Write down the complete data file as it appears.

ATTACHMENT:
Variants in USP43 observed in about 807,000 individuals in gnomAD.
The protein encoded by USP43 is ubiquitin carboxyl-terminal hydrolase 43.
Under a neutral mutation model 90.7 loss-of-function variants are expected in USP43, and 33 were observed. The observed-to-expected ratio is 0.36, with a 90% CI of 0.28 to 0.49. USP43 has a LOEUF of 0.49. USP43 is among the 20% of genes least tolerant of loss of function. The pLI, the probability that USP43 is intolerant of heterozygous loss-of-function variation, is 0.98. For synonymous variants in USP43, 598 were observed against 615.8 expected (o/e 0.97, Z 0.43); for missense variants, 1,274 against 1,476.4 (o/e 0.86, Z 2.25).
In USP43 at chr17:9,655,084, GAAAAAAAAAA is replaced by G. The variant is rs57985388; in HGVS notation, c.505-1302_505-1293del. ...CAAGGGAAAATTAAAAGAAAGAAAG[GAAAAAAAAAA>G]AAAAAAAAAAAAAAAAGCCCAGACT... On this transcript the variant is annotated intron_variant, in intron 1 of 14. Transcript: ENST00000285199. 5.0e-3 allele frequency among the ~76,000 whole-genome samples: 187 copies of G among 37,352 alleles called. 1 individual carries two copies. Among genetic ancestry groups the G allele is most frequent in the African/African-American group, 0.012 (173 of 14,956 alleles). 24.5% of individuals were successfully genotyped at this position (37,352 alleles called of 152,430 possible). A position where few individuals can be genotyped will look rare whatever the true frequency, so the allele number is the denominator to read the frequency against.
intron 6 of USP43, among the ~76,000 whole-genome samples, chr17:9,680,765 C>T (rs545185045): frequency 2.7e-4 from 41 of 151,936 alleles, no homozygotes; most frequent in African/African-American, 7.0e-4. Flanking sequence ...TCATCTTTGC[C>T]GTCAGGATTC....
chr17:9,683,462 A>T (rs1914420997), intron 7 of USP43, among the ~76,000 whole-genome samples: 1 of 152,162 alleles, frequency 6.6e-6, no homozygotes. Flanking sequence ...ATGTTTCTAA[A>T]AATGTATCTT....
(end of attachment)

Variants in USP43 observed in about 807,000 individuals in gnomAD.
The protein encoded by USP43 is ubiquitin carboxyl-terminal hydrolase 43.
Under a neutral mutation model 90.7 loss-of-function variants are expected in USP43, and 33 were observed. The observed-to-expected ratio is 0.36, with a 90% CI of 0.28 to 0.49. USP43 has a LOEUF of 0.49. USP43 is among the 20% of genes least tolerant of loss of function. The pLI, the probability that USP43 is intolerant of heterozygous loss-of-function variation, is 0.98. For synonymous variants in USP43, 598 were observed against 615.8 expected (o/e 0.97, Z 0.43); for missense variants, 1,274 against 1,476.4 (o/e 0.86, Z 2.25).
In USP43 at chr17:9,655,084, GAAAAAAAAAA is replaced by G. The variant is rs57985388; in HGVS notation, c.505-1302_505-1293del. ...CAAGGGAAAATTAAAAGAAAGAAAG[GAAAAAAAAAA>G]AAAAAAAAAAAAAAAAGCCCAGACT... On this transcript the variant is annotated intron_variant, in intron 1 of 14. Transcript: ENST00000285199. 5.0e-3 allele frequency among the ~76,000 whole-genome samples: 187 copies of G among 37,352 alleles called. 1 individual carries two copies. Among genetic ancestry groups the G allele is most frequent in the African/African-American group, 0.012 (173 of 14,956 alleles). 24.5% of individuals were successfully genotyped at this position (37,352 alleles called of 152,430 possible). A position where few individuals can be genotyped will look rare whatever the true frequency, so the allele number is the denominator to read the frequency against.
intron 6 of USP43, among the ~76,000 whole-genome samples, chr17:9,680,765 C>T (rs545185045): frequency 2.7e-4 from 41 of 151,936 alleles, no homozygotes; most frequent in African/African-American, 7.0e-4. Flanking sequence ...TCATCTTTGC[C>T]GTCAGGATTC....
chr17:9,683,462 A>T (rs1914420997), intron 7 of USP43, among the ~76,000 whole-genome samples: 1 of 152,162 alleles, frequency 6.6e-6, no homozygotes. Flanking sequence ...ATGTTTCTAA[A>T]AATGTATCTT....